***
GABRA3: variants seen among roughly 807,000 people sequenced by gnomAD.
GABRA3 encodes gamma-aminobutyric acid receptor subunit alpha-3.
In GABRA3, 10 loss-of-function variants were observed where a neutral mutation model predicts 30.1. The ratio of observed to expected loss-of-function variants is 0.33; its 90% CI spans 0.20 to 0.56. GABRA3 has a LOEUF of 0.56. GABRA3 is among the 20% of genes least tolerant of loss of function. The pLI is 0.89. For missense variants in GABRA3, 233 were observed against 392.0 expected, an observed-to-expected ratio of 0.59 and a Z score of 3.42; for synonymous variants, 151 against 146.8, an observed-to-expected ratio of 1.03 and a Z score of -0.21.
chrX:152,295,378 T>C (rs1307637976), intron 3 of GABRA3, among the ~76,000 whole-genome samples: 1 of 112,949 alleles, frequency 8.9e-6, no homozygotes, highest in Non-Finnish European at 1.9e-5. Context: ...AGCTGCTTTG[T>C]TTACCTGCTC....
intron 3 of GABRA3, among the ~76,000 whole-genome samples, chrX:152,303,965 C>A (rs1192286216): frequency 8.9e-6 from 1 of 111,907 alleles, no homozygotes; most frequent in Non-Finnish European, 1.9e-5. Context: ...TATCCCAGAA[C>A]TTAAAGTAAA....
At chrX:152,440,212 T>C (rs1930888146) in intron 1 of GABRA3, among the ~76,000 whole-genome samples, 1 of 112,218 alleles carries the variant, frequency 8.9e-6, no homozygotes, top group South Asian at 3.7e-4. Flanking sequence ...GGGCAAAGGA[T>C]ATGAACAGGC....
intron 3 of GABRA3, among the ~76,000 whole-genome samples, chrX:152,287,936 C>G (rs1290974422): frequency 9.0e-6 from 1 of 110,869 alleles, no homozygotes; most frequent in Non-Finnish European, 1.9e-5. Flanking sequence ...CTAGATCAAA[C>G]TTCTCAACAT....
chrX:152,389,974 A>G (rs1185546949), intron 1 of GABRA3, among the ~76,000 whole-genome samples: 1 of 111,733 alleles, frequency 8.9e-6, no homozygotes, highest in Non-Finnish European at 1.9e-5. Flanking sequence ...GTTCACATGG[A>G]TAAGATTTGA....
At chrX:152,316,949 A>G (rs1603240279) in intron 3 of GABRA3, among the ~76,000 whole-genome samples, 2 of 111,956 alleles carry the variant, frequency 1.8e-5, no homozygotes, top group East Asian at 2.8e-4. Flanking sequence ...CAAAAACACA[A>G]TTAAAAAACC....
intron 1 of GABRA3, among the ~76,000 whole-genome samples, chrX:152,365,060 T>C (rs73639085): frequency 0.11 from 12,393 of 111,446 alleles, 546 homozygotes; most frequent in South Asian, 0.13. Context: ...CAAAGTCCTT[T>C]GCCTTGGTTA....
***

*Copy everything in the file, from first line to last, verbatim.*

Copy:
GABRA3: variants seen among roughly 807,000 people sequenced by gnomAD.
GABRA3 encodes gamma-aminobutyric acid receptor subunit alpha-3.
In GABRA3, 10 loss-of-function variants were observed where a neutral mutation model predicts 30.1. The ratio of observed to expected loss-of-function variants is 0.33; its 90% CI spans 0.20 to 0.56. GABRA3 has a LOEUF of 0.56. GABRA3 is among the 20% of genes least tolerant of loss of function. The pLI is 0.89. For missense variants in GABRA3, 233 were observed against 392.0 expected, an observed-to-expected ratio of 0.59 and a Z score of 3.42; for synonymous variants, 151 against 146.8, an observed-to-expected ratio of 1.03 and a Z score of -0.21.
chrX:152,295,378 T>C (rs1307637976), intron 3 of GABRA3, among the ~76,000 whole-genome samples: 1 of 112,949 alleles, frequency 8.9e-6, no homozygotes, highest in Non-Finnish European at 1.9e-5. Context: ...AGCTGCTTTG[T>C]TTACCTGCTC....
intron 3 of GABRA3, among the ~76,000 whole-genome samples, chrX:152,303,965 C>A (rs1192286216): frequency 8.9e-6 from 1 of 111,907 alleles, no homozygotes; most frequent in Non-Finnish European, 1.9e-5. Context: ...TATCCCAGAA[C>A]TTAAAGTAAA....
At chrX:152,440,212 T>C (rs1930888146) in intron 1 of GABRA3, among the ~76,000 whole-genome samples, 1 of 112,218 alleles carries the variant, frequency 8.9e-6, no homozygotes, top group South Asian at 3.7e-4. Flanking sequence ...GGGCAAAGGA[T>C]ATGAACAGGC....
intron 3 of GABRA3, among the ~76,000 whole-genome samples, chrX:152,287,936 C>G (rs1290974422): frequency 9.0e-6 from 1 of 110,869 alleles, no homozygotes; most frequent in Non-Finnish European, 1.9e-5. Flanking sequence ...CTAGATCAAA[C>G]TTCTCAACAT....
chrX:152,389,974 A>G (rs1185546949), intron 1 of GABRA3, among the ~76,000 whole-genome samples: 1 of 111,733 alleles, frequency 8.9e-6, no homozygotes, highest in Non-Finnish European at 1.9e-5. Flanking sequence ...GTTCACATGG[A>G]TAAGATTTGA....
At chrX:152,316,949 A>G (rs1603240279) in intron 3 of GABRA3, among the ~76,000 whole-genome samples, 2 of 111,956 alleles carry the variant, frequency 1.8e-5, no homozygotes, top group East Asian at 2.8e-4. Flanking sequence ...CAAAAACACA[A>G]TTAAAAAACC....
intron 1 of GABRA3, among the ~76,000 whole-genome samples, chrX:152,365,060 T>C (rs73639085): frequency 0.11 from 12,393 of 111,446 alleles, 546 homozygotes; most frequent in South Asian, 0.13. Context: ...CAAAGTCCTT[T>C]GCCTTGGTTA....